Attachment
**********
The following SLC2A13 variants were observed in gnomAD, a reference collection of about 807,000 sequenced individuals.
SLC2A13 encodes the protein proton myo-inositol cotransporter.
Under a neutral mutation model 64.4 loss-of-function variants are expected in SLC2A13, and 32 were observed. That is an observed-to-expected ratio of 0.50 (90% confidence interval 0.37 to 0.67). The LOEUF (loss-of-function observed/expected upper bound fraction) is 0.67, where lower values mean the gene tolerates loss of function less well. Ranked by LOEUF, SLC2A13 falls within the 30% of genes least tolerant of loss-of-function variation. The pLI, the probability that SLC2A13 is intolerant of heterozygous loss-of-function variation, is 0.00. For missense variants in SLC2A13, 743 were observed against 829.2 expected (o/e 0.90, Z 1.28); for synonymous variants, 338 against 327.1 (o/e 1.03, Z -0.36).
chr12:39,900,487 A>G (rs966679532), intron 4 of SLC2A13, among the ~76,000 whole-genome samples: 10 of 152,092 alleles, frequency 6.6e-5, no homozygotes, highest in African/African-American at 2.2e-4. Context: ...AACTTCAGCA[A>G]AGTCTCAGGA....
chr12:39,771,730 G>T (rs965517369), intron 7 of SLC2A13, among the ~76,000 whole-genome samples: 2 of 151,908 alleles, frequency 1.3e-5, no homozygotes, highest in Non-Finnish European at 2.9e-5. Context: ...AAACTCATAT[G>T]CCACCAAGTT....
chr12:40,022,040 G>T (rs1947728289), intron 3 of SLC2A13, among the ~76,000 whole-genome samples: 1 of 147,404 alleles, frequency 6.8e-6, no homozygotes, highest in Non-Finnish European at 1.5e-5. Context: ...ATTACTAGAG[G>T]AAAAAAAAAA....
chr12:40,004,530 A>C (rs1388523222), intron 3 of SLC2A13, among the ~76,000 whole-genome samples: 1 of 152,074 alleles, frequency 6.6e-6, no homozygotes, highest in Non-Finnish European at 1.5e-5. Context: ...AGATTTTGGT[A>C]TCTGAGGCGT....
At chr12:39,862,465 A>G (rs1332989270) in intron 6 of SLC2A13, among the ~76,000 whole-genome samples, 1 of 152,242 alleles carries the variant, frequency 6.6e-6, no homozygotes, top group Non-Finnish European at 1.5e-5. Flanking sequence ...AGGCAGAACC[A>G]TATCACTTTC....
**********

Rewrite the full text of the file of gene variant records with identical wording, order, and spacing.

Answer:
The following SLC2A13 variants were observed in gnomAD, a reference collection of about 807,000 sequenced individuals.
SLC2A13 encodes the protein proton myo-inositol cotransporter.
Under a neutral mutation model 64.4 loss-of-function variants are expected in SLC2A13, and 32 were observed. That is an observed-to-expected ratio of 0.50 (90% confidence interval 0.37 to 0.67). The LOEUF (loss-of-function observed/expected upper bound fraction) is 0.67, where lower values mean the gene tolerates loss of function less well. Ranked by LOEUF, SLC2A13 falls within the 30% of genes least tolerant of loss-of-function variation. The pLI, the probability that SLC2A13 is intolerant of heterozygous loss-of-function variation, is 0.00. For missense variants in SLC2A13, 743 were observed against 829.2 expected (o/e 0.90, Z 1.28); for synonymous variants, 338 against 327.1 (o/e 1.03, Z -0.36).
chr12:39,900,487 A>G (rs966679532), intron 4 of SLC2A13, among the ~76,000 whole-genome samples: 10 of 152,092 alleles, frequency 6.6e-5, no homozygotes, highest in African/African-American at 2.2e-4. Context: ...AACTTCAGCA[A>G]AGTCTCAGGA....
chr12:39,771,730 G>T (rs965517369), intron 7 of SLC2A13, among the ~76,000 whole-genome samples: 2 of 151,908 alleles, frequency 1.3e-5, no homozygotes, highest in Non-Finnish European at 2.9e-5. Context: ...AAACTCATAT[G>T]CCACCAAGTT....
chr12:40,022,040 G>T (rs1947728289), intron 3 of SLC2A13, among the ~76,000 whole-genome samples: 1 of 147,404 alleles, frequency 6.8e-6, no homozygotes, highest in Non-Finnish European at 1.5e-5. Context: ...ATTACTAGAG[G>T]AAAAAAAAAA....
chr12:40,004,530 A>C (rs1388523222), intron 3 of SLC2A13, among the ~76,000 whole-genome samples: 1 of 152,074 alleles, frequency 6.6e-6, no homozygotes, highest in Non-Finnish European at 1.5e-5. Context: ...AGATTTTGGT[A>C]TCTGAGGCGT....
At chr12:39,862,465 A>G (rs1332989270) in intron 6 of SLC2A13, among the ~76,000 whole-genome samples, 1 of 152,242 alleles carries the variant, frequency 6.6e-6, no homozygotes, top group Non-Finnish European at 1.5e-5. Flanking sequence ...AGGCAGAACC[A>G]TATCACTTTC....